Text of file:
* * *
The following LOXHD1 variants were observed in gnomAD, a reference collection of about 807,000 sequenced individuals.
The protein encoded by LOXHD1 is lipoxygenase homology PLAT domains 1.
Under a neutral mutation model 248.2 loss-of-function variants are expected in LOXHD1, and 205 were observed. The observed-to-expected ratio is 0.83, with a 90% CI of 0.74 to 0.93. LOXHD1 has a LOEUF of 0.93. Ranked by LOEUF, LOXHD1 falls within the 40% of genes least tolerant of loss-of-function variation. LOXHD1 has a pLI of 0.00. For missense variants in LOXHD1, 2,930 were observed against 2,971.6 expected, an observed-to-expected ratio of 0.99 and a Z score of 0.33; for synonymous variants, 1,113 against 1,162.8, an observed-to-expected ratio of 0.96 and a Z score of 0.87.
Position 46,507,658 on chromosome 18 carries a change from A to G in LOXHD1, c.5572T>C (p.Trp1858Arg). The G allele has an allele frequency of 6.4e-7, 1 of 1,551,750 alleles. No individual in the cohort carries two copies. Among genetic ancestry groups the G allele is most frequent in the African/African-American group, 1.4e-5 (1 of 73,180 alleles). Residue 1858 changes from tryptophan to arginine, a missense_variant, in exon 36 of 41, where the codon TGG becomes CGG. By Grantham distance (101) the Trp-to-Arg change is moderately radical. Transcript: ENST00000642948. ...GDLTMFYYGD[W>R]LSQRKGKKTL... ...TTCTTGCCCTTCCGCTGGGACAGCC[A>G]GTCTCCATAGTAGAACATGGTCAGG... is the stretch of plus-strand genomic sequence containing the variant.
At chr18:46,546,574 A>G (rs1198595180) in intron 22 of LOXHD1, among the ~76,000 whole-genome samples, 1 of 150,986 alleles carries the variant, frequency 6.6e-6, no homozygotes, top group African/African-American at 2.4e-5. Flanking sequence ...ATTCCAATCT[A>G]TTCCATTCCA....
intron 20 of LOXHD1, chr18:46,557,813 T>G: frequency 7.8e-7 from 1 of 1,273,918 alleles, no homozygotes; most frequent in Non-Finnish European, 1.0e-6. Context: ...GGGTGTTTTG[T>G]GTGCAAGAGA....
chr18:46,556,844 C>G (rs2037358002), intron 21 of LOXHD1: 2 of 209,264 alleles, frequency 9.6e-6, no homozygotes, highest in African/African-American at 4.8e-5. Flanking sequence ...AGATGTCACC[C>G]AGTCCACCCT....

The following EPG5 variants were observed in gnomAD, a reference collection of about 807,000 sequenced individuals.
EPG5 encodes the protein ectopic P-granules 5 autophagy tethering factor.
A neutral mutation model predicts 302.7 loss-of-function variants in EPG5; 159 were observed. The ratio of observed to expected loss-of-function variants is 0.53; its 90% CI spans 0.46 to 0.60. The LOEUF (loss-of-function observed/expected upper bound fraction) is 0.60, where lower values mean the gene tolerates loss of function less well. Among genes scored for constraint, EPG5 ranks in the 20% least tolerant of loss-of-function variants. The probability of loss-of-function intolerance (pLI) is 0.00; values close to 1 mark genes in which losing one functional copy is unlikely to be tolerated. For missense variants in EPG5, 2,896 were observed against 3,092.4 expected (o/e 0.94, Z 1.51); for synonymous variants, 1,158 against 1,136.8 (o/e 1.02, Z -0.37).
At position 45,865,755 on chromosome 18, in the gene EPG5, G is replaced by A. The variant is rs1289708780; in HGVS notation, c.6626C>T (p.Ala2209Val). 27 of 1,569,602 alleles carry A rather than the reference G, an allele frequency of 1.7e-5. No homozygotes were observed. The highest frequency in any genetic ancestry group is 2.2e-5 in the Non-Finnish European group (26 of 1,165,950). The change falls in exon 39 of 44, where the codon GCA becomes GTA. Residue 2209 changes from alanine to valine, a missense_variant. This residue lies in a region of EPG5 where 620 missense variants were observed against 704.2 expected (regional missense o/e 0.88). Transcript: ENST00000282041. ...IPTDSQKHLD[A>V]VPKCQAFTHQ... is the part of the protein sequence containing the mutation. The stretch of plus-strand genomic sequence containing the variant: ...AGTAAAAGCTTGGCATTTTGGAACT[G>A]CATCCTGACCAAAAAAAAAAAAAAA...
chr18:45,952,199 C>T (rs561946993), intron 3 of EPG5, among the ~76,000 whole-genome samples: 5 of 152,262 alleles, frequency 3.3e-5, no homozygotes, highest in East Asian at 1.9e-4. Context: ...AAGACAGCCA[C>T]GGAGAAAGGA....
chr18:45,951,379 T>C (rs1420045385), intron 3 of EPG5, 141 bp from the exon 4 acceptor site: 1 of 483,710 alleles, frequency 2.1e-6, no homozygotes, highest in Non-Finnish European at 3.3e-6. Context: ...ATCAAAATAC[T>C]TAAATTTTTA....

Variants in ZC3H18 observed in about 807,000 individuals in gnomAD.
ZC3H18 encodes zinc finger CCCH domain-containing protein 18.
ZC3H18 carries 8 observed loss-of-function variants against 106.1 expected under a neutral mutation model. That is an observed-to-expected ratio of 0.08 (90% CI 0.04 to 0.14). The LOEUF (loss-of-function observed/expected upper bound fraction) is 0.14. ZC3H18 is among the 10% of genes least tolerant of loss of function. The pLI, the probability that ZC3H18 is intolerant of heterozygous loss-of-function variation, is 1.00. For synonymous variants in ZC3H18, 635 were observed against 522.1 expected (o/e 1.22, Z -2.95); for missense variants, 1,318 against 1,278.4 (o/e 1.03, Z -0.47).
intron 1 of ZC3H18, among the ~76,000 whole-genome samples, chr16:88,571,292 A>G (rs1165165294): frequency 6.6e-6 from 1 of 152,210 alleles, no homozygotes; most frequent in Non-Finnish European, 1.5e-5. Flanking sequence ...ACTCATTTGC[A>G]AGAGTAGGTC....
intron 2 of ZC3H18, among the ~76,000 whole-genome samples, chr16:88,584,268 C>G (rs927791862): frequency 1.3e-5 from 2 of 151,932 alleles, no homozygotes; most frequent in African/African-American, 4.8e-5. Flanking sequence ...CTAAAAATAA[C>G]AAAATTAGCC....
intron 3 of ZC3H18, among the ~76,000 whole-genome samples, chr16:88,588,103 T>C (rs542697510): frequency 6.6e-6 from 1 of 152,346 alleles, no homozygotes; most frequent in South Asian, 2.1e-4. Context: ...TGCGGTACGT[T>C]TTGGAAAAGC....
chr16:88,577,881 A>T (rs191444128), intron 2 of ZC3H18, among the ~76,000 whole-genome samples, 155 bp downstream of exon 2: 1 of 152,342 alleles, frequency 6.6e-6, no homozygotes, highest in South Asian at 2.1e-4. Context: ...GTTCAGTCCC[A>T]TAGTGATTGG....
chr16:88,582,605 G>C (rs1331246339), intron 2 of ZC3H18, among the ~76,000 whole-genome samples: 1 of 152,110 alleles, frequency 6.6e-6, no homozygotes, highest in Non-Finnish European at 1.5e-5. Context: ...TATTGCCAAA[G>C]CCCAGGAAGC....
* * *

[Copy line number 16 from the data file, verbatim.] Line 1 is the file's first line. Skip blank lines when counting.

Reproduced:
ZC3H18 carries 8 observed loss-of-function variants against 106.1 expected under a neutral mutation model. That is an observed-to-expected ratio of 0.08 (90% CI 0.04 to 0.14). The LOEUF (loss-of-function observed/expected upper bound fraction) is 0.14. ZC3H18 is among the 10% of genes least tolerant of loss of function. The pLI, the probability that ZC3H18 is intolerant of heterozygous loss-of-function variation, is 1.00. For synonymous variants in ZC3H18, 635 were observed against 522.1 expected (o/e 1.22, Z -2.95); for missense variants, 1,318 against 1,278.4 (o/e 1.03, Z -0.47).